Only summaries are included below -
see book for details
When to Say No
to Second Hand
You Be the
When to Say No to Second Hand Low
world is full of competent declarers, but the truly expert
defender is a rare bird indeed.”
basic principle of card play is second hand low. When
you play second to a trick, there is usually no rush to play a
high card. Why? Because your partner still has the opportunity
to compete for the trick.
Second hand low, although sound advice, is only a guideline.
Sometimes logic dictates that you play second hand high. How
many exceptions are there to second hand low? The list
is longer than you might think. You should play second hand
high in order to:
Take the setting trick.
Obtain the lead (e.g., in order to give partner a ruff).
Keep an opponent from winning a trick cheaply. For example,
you have KQJx and declarer leads toward dummy's A10.
Win a trick that might disappear if you do not take it now.
Prevent declarer or dummy from winning a singleton honor.
Cover an honor, hoping to promote a card for your side.
Preserve an entry to partner's hand (usually against notrump).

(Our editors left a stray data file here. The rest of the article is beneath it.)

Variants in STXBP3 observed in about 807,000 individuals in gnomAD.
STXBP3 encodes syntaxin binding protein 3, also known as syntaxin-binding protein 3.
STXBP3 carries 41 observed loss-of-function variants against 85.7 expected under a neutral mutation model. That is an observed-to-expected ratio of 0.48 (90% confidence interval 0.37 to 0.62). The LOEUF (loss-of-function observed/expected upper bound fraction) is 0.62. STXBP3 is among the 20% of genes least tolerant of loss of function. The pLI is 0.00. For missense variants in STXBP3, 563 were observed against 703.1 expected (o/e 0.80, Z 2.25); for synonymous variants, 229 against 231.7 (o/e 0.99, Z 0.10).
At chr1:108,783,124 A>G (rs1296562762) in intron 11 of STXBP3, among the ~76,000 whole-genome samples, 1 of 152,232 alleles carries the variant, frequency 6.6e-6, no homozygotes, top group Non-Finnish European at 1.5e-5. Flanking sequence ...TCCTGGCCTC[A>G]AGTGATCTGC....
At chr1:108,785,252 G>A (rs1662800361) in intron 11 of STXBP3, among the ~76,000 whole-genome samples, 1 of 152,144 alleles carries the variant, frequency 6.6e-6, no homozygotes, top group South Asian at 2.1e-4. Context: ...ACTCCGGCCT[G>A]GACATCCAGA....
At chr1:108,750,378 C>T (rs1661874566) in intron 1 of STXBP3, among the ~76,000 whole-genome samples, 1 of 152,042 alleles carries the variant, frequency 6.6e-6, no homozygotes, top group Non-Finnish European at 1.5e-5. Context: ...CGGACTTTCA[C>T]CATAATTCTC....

You Be the Judge
“The persons who feel it necessary to conclude each hand with
a magisterial correction of their partners (and their
opponents as well) have no place at the bridge table, or
anywhere else they might come into contact with civilized
Elmer Davis, bridge writer, Harper's Magazine
A bridge partnership consists of two individuals, who
invariably have different points of view. Postmortems are
seldom dull, particularly after a disaster. Rationalization,
partner-bashing and damage control are inevitable, even when
the culprits are otherwise fair-minded.
If Declarer Smart, Defender Not
“Never reproach your partner if there is the slightest thing
for which you can reproach yourself.”
your opponents are consistently bidding to the best contract,
you may not be competing and preempting enough. If declarer is
playing too skillfully, perhaps you are not putting up a
challenging enough defense.
Give Partner the Signal
experts, if asked, are quick to explain suit-preference
signals. They emphasize that unlike all other defensive
signals, suit preference is usually given by the person
leading to the trick. Perhaps it might be more helpful if
they were called suit-preference leads.
Suit-preference signals are ideal when you are attempting to
give partner a ruff.
CHAPTER 18 -
THROW LOSERS, KEEP WINNERS